On Thu, Feb 15, 2007 at 01:30:44PM -0800, [EMAIL PROTECTED] wrote: > Luke Scharf wrote: > >Why not just run a userland NFS daemon in the zones -- and follow the > >existing security model? > > > >That makes all of the security model questions fall away -- and it > >also gets fault isolation. There's a slight performance penalty, but > >you're running a VM-ish environment anyway.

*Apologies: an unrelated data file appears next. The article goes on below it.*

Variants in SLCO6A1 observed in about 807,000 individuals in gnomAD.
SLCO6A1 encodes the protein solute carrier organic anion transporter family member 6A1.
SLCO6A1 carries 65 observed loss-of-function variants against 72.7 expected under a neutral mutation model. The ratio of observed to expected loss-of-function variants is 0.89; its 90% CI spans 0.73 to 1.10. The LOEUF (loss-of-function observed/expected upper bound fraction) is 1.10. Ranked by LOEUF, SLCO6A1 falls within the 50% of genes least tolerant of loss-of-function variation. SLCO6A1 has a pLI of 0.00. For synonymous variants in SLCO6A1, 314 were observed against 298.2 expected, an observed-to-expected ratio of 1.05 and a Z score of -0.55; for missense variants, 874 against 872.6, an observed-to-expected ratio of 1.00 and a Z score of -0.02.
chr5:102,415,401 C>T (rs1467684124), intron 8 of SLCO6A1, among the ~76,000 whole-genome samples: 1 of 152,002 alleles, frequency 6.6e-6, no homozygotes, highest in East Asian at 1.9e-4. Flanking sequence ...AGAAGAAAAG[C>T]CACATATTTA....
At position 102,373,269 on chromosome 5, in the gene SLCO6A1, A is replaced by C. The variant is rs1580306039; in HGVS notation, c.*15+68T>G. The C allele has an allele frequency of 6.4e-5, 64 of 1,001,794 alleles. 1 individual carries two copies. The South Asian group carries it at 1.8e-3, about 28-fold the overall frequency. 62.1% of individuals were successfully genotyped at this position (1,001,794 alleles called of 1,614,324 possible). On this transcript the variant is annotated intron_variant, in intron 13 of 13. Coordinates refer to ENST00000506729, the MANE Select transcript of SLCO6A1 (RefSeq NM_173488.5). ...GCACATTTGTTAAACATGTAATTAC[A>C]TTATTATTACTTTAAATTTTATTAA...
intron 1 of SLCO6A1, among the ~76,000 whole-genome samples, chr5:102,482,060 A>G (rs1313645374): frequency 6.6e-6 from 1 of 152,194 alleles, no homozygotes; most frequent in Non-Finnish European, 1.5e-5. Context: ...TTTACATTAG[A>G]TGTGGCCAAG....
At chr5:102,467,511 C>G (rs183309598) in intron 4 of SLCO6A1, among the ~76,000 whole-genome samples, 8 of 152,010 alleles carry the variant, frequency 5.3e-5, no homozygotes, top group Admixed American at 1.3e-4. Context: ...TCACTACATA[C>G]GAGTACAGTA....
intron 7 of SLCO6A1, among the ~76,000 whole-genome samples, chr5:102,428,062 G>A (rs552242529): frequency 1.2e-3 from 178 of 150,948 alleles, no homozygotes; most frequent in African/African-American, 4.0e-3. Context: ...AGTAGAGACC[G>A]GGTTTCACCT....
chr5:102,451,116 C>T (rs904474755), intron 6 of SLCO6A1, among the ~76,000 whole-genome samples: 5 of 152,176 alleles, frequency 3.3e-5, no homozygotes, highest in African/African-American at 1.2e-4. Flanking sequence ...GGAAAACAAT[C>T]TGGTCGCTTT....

Not entirely. Look at OpenAFS, which does just that. There are two issues: 1) You need an open-by-FID (fsid+inode) type of system call, which gets us back to the issue that no single filesystem should have separate sub-directories shared by different zones. 2) You need a bunch of system calls like open(2) but augmented with an argument specifying who to do the operation as. I blogged about (2) here: http://blogs.sun.com/nico/entry/building_filesystem_servers_in_user in the context of "hostafs" -- a user-land AFS server for serving non-AFS local filesystems. Normally OpenAFS gets around (1) and (2) by implementing the filesystem in user-land, not just the protocol. This means that there's no local access to AFS-shared filesystems. (Hmmm, much of ZFS runs in user-land, so perhaps one could run an all-user-land NFS+ZFS server, but, does anyone really want to build such a thing?) Of course, you still need an implementation of NFS in user-land... > This thought did occur to me and if you take it to the logical > conclusion, there is no way to restrict which directories or > partitions a zone shares if they are accessible inside the zone. Well, this is true, but if you restrict access via an open-by-FID syscall (see (1) above) to filesystems owned only by the zone whence the call is made, then this problem goes away. In practice you can't have NFSv3 (or AFS) service without open-by-FID. For NFSv4 you can get by without it with some minor limitations. > This presupposes that root in the zone has access to software > to do this...but there have been programs around for over a > decade that are standalone NFS clients, so I can't see why > there isn't an NFS server equivalent. See above. > With respect to performance, there isn't really any serious > performance hit at all for applications running in a local zone. > They interact directly with the kernel and disk, just like they > would if they were running in the global zone. But we're talking about an NFS server in user-land -- surely there'd be a perf hit as compared to NFS service in kernel-land (if nothing else it may complicate server-side zero-copy, but then, you can't have that if you want crypto in the protocol, not without RDDP, IPsec-capable RNICs and channel binding to IPsec, but that's all a long story). Nico -- _______________________________________________ zones-discuss mailing list firstname.lastname@example.org